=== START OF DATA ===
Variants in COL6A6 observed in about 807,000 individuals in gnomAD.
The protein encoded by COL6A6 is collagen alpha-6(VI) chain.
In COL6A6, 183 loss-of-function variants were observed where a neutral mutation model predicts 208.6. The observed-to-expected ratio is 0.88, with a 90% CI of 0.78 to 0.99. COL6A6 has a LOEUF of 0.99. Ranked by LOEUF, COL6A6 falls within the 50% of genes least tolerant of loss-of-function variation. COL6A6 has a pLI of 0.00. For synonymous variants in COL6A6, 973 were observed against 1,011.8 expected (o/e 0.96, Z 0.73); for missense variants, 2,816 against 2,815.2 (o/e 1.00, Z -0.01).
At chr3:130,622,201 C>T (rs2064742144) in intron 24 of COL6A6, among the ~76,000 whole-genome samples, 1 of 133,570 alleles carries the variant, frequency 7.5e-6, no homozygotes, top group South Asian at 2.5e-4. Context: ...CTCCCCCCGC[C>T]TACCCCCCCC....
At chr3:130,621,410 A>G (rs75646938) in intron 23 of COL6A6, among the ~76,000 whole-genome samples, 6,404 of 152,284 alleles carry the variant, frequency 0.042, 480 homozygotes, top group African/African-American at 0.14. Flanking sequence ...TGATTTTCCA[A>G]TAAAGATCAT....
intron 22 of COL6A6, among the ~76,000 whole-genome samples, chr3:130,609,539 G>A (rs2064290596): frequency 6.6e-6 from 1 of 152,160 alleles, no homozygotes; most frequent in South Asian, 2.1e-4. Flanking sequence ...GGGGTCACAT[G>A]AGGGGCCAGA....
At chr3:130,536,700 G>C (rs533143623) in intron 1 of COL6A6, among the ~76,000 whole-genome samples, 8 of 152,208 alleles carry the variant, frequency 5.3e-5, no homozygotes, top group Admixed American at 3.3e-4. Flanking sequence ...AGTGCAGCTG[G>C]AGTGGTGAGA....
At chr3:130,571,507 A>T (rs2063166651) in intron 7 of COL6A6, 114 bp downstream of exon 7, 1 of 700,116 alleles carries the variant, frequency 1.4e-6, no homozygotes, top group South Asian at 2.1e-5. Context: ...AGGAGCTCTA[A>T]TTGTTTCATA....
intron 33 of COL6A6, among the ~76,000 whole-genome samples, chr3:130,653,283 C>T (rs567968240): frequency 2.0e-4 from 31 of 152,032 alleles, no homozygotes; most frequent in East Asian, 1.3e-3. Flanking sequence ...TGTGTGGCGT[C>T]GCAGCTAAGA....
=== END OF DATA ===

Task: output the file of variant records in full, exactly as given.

Variants in COL6A6 observed in about 807,000 individuals in gnomAD.
The protein encoded by COL6A6 is collagen alpha-6(VI) chain.
In COL6A6, 183 loss-of-function variants were observed where a neutral mutation model predicts 208.6. The observed-to-expected ratio is 0.88, with a 90% CI of 0.78 to 0.99. COL6A6 has a LOEUF of 0.99. Ranked by LOEUF, COL6A6 falls within the 50% of genes least tolerant of loss-of-function variation. COL6A6 has a pLI of 0.00. For synonymous variants in COL6A6, 973 were observed against 1,011.8 expected (o/e 0.96, Z 0.73); for missense variants, 2,816 against 2,815.2 (o/e 1.00, Z -0.01).
At chr3:130,622,201 C>T (rs2064742144) in intron 24 of COL6A6, among the ~76,000 whole-genome samples, 1 of 133,570 alleles carries the variant, frequency 7.5e-6, no homozygotes, top group South Asian at 2.5e-4. Context: ...CTCCCCCCGC[C>T]TACCCCCCCC....
At chr3:130,621,410 A>G (rs75646938) in intron 23 of COL6A6, among the ~76,000 whole-genome samples, 6,404 of 152,284 alleles carry the variant, frequency 0.042, 480 homozygotes, top group African/African-American at 0.14. Flanking sequence ...TGATTTTCCA[A>G]TAAAGATCAT....
intron 22 of COL6A6, among the ~76,000 whole-genome samples, chr3:130,609,539 G>A (rs2064290596): frequency 6.6e-6 from 1 of 152,160 alleles, no homozygotes; most frequent in South Asian, 2.1e-4. Flanking sequence ...GGGGTCACAT[G>A]AGGGGCCAGA....
At chr3:130,536,700 G>C (rs533143623) in intron 1 of COL6A6, among the ~76,000 whole-genome samples, 8 of 152,208 alleles carry the variant, frequency 5.3e-5, no homozygotes, top group Admixed American at 3.3e-4. Flanking sequence ...AGTGCAGCTG[G>C]AGTGGTGAGA....
At chr3:130,571,507 A>T (rs2063166651) in intron 7 of COL6A6, 114 bp downstream of exon 7, 1 of 700,116 alleles carries the variant, frequency 1.4e-6, no homozygotes, top group South Asian at 2.1e-5. Context: ...AGGAGCTCTA[A>T]TTGTTTCATA....
intron 33 of COL6A6, among the ~76,000 whole-genome samples, chr3:130,653,283 C>T (rs567968240): frequency 2.0e-4 from 31 of 152,032 alleles, no homozygotes; most frequent in East Asian, 1.3e-3. Flanking sequence ...TGTGTGGCGT[C>T]GCAGCTAAGA....